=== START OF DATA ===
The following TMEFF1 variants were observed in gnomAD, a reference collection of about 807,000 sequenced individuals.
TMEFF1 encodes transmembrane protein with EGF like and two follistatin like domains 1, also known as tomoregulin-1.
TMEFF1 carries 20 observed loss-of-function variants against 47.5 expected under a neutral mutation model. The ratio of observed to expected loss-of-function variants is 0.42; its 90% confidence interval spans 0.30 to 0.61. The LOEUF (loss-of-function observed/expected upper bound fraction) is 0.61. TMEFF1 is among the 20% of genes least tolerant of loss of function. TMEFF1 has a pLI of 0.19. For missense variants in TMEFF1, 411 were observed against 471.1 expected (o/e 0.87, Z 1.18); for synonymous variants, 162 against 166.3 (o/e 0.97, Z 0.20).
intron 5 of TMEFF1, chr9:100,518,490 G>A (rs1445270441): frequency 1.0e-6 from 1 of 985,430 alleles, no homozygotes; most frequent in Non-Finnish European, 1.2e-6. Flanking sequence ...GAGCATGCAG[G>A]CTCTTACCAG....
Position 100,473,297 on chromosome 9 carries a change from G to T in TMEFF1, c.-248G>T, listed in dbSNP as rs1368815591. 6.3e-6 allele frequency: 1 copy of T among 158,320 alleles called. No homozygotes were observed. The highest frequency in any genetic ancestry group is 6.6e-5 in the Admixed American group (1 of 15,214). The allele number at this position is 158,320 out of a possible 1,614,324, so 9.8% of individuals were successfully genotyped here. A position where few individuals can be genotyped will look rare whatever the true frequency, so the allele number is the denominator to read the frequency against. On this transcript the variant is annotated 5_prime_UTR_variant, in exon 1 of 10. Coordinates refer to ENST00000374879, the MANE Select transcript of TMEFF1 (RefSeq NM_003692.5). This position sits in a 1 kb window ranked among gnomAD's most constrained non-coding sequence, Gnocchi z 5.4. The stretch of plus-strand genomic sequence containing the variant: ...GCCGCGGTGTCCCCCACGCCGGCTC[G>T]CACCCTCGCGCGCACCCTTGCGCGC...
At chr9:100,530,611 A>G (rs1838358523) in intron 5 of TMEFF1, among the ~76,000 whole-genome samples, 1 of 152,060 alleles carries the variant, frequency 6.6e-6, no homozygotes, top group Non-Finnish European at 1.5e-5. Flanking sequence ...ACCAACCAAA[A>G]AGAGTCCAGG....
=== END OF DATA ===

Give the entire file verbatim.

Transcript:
The following TMEFF1 variants were observed in gnomAD, a reference collection of about 807,000 sequenced individuals.
TMEFF1 encodes transmembrane protein with EGF like and two follistatin like domains 1, also known as tomoregulin-1.
TMEFF1 carries 20 observed loss-of-function variants against 47.5 expected under a neutral mutation model. The ratio of observed to expected loss-of-function variants is 0.42; its 90% confidence interval spans 0.30 to 0.61. The LOEUF (loss-of-function observed/expected upper bound fraction) is 0.61. TMEFF1 is among the 20% of genes least tolerant of loss of function. TMEFF1 has a pLI of 0.19. For missense variants in TMEFF1, 411 were observed against 471.1 expected (o/e 0.87, Z 1.18); for synonymous variants, 162 against 166.3 (o/e 0.97, Z 0.20).
intron 5 of TMEFF1, chr9:100,518,490 G>A (rs1445270441): frequency 1.0e-6 from 1 of 985,430 alleles, no homozygotes; most frequent in Non-Finnish European, 1.2e-6. Flanking sequence ...GAGCATGCAG[G>A]CTCTTACCAG....
Position 100,473,297 on chromosome 9 carries a change from G to T in TMEFF1, c.-248G>T, listed in dbSNP as rs1368815591. 6.3e-6 allele frequency: 1 copy of T among 158,320 alleles called. No homozygotes were observed. The highest frequency in any genetic ancestry group is 6.6e-5 in the Admixed American group (1 of 15,214). The allele number at this position is 158,320 out of a possible 1,614,324, so 9.8% of individuals were successfully genotyped here. A position where few individuals can be genotyped will look rare whatever the true frequency, so the allele number is the denominator to read the frequency against. On this transcript the variant is annotated 5_prime_UTR_variant, in exon 1 of 10. Coordinates refer to ENST00000374879, the MANE Select transcript of TMEFF1 (RefSeq NM_003692.5). This position sits in a 1 kb window ranked among gnomAD's most constrained non-coding sequence, Gnocchi z 5.4. The stretch of plus-strand genomic sequence containing the variant: ...GCCGCGGTGTCCCCCACGCCGGCTC[G>T]CACCCTCGCGCGCACCCTTGCGCGC...
At chr9:100,530,611 A>G (rs1838358523) in intron 5 of TMEFF1, among the ~76,000 whole-genome samples, 1 of 152,060 alleles carries the variant, frequency 6.6e-6, no homozygotes, top group Non-Finnish European at 1.5e-5. Flanking sequence ...ACCAACCAAA[A>G]AGAGTCCAGG....